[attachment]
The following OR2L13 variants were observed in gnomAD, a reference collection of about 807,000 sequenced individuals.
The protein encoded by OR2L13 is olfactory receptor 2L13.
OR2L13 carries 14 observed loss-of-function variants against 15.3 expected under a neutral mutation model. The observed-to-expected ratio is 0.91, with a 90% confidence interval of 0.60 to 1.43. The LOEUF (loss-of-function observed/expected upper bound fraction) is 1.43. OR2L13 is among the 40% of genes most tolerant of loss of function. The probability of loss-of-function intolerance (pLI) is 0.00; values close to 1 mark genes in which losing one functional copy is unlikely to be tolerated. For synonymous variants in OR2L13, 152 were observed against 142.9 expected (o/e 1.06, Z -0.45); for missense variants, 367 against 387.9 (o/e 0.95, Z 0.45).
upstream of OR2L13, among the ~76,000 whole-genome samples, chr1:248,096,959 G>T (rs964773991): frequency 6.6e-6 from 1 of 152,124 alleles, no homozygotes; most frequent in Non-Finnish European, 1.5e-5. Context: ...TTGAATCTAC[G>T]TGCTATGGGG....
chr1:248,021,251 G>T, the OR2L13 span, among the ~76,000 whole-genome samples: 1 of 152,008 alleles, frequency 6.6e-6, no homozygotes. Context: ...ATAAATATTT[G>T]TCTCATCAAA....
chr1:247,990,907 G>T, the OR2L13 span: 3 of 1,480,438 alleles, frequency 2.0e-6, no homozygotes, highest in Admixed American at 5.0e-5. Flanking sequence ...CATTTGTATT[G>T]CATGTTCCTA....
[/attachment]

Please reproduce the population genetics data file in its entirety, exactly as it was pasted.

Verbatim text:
The following OR2L13 variants were observed in gnomAD, a reference collection of about 807,000 sequenced individuals.
The protein encoded by OR2L13 is olfactory receptor 2L13.
OR2L13 carries 14 observed loss-of-function variants against 15.3 expected under a neutral mutation model. The observed-to-expected ratio is 0.91, with a 90% confidence interval of 0.60 to 1.43. The LOEUF (loss-of-function observed/expected upper bound fraction) is 1.43. OR2L13 is among the 40% of genes most tolerant of loss of function. The probability of loss-of-function intolerance (pLI) is 0.00; values close to 1 mark genes in which losing one functional copy is unlikely to be tolerated. For synonymous variants in OR2L13, 152 were observed against 142.9 expected (o/e 1.06, Z -0.45); for missense variants, 367 against 387.9 (o/e 0.95, Z 0.45).
upstream of OR2L13, among the ~76,000 whole-genome samples, chr1:248,096,959 G>T (rs964773991): frequency 6.6e-6 from 1 of 152,124 alleles, no homozygotes; most frequent in Non-Finnish European, 1.5e-5. Context: ...TTGAATCTAC[G>T]TGCTATGGGG....
chr1:248,021,251 G>T, the OR2L13 span, among the ~76,000 whole-genome samples: 1 of 152,008 alleles, frequency 6.6e-6, no homozygotes. Context: ...ATAAATATTT[G>T]TCTCATCAAA....
chr1:247,990,907 G>T, the OR2L13 span: 3 of 1,480,438 alleles, frequency 2.0e-6, no homozygotes, highest in Admixed American at 5.0e-5. Flanking sequence ...CATTTGTATT[G>T]CATGTTCCTA....